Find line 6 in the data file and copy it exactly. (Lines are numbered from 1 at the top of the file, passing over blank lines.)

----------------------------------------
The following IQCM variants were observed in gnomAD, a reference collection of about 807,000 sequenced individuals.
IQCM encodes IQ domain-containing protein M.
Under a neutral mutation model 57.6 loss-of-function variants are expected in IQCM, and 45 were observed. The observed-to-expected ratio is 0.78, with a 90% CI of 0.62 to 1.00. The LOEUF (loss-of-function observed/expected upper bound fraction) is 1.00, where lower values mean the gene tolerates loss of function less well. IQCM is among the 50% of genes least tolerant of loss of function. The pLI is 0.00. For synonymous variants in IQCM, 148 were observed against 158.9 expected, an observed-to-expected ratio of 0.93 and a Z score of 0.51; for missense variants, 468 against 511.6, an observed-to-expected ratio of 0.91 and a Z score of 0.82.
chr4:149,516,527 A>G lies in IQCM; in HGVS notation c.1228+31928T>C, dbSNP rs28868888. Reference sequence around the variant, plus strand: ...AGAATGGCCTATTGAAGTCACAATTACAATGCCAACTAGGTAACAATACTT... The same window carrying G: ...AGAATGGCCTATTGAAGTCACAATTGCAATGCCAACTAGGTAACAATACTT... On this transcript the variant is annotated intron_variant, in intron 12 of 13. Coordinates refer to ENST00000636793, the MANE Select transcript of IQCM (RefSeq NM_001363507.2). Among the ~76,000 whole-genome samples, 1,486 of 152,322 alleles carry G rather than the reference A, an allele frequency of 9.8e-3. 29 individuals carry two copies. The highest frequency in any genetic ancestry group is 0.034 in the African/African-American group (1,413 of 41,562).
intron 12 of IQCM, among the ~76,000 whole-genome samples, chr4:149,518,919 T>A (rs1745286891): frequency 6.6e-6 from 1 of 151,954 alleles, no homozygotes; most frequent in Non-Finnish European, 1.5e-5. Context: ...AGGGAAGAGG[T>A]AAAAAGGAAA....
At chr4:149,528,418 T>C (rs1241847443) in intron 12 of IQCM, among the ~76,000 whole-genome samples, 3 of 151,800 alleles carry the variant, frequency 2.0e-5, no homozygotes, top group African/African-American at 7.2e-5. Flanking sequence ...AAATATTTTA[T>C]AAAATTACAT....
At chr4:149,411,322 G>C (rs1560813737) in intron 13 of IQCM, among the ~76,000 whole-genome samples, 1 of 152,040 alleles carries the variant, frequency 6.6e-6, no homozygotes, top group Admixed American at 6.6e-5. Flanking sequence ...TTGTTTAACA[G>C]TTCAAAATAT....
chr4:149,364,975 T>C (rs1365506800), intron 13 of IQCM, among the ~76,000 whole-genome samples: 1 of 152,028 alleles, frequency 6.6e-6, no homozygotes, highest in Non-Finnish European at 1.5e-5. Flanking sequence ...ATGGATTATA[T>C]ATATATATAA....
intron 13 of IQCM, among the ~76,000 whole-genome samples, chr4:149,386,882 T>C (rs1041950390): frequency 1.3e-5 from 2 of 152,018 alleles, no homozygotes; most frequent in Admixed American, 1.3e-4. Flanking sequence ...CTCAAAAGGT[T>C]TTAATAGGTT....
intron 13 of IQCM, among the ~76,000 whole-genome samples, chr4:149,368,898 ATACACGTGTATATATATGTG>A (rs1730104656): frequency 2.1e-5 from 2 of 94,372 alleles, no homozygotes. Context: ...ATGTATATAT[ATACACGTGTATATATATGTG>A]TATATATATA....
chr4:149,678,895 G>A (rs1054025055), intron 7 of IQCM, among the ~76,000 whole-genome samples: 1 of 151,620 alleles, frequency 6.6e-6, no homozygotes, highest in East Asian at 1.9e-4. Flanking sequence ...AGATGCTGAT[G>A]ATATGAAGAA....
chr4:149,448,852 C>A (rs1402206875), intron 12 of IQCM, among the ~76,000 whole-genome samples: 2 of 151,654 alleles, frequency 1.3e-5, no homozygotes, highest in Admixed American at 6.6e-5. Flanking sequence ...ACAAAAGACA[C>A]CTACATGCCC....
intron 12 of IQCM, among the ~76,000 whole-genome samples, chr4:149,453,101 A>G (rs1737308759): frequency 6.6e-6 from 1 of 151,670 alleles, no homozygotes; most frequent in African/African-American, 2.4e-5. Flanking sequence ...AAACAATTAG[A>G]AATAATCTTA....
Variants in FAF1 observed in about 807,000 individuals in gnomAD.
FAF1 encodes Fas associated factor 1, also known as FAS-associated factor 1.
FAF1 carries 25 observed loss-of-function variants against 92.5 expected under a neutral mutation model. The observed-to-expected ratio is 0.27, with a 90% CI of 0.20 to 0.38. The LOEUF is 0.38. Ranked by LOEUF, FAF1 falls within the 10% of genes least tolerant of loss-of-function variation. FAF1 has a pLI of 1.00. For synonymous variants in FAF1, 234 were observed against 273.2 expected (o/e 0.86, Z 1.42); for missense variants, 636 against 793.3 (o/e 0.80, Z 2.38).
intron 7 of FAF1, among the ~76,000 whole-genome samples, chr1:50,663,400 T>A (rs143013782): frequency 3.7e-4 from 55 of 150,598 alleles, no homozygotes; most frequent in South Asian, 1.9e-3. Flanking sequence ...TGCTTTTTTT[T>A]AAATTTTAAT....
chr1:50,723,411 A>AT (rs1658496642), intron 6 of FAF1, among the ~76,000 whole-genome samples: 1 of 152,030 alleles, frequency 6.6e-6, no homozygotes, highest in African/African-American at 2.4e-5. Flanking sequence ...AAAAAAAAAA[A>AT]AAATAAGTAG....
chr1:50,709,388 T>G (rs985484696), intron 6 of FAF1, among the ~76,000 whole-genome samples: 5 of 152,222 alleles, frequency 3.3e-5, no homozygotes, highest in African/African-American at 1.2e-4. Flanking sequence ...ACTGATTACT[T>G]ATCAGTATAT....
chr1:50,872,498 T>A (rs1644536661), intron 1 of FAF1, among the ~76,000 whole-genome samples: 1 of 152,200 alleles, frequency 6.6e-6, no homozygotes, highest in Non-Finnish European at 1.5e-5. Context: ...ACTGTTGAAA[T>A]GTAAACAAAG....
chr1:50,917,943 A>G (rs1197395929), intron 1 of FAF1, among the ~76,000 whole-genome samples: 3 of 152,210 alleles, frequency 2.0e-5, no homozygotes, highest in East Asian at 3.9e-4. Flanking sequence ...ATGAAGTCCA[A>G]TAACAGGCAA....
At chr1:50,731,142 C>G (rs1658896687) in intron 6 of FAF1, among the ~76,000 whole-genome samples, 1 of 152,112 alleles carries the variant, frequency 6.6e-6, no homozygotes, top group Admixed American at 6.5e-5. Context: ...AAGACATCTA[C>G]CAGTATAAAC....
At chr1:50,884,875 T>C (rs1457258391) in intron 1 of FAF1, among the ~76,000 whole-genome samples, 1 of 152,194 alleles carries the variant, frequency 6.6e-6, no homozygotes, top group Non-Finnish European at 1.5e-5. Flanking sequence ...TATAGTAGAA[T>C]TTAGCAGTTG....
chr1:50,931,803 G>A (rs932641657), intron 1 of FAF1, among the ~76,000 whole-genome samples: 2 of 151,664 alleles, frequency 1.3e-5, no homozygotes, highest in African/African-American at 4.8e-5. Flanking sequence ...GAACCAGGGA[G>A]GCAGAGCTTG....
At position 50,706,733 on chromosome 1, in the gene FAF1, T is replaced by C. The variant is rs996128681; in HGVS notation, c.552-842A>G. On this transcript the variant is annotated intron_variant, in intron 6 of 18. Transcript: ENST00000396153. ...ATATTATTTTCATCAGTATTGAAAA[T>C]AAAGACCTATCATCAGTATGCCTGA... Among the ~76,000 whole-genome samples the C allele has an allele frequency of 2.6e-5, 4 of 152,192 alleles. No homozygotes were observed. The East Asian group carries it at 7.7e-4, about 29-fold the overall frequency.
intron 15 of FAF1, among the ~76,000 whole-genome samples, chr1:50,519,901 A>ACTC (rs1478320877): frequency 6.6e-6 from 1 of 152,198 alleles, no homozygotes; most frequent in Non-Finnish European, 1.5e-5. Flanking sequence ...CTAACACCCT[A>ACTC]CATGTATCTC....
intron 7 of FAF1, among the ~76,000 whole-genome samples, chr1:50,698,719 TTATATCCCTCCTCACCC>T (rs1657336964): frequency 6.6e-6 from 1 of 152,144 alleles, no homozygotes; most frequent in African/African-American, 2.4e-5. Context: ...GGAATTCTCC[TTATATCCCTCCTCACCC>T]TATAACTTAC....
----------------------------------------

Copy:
At chr4:149,528,418 T>C (rs1241847443) in intron 12 of IQCM, among the ~76,000 whole-genome samples, 3 of 151,800 alleles carry the variant, frequency 2.0e-5, no homozygotes, top group African/African-American at 7.2e-5. Flanking sequence ...AAATATTTTA[T>C]AAAATTACAT....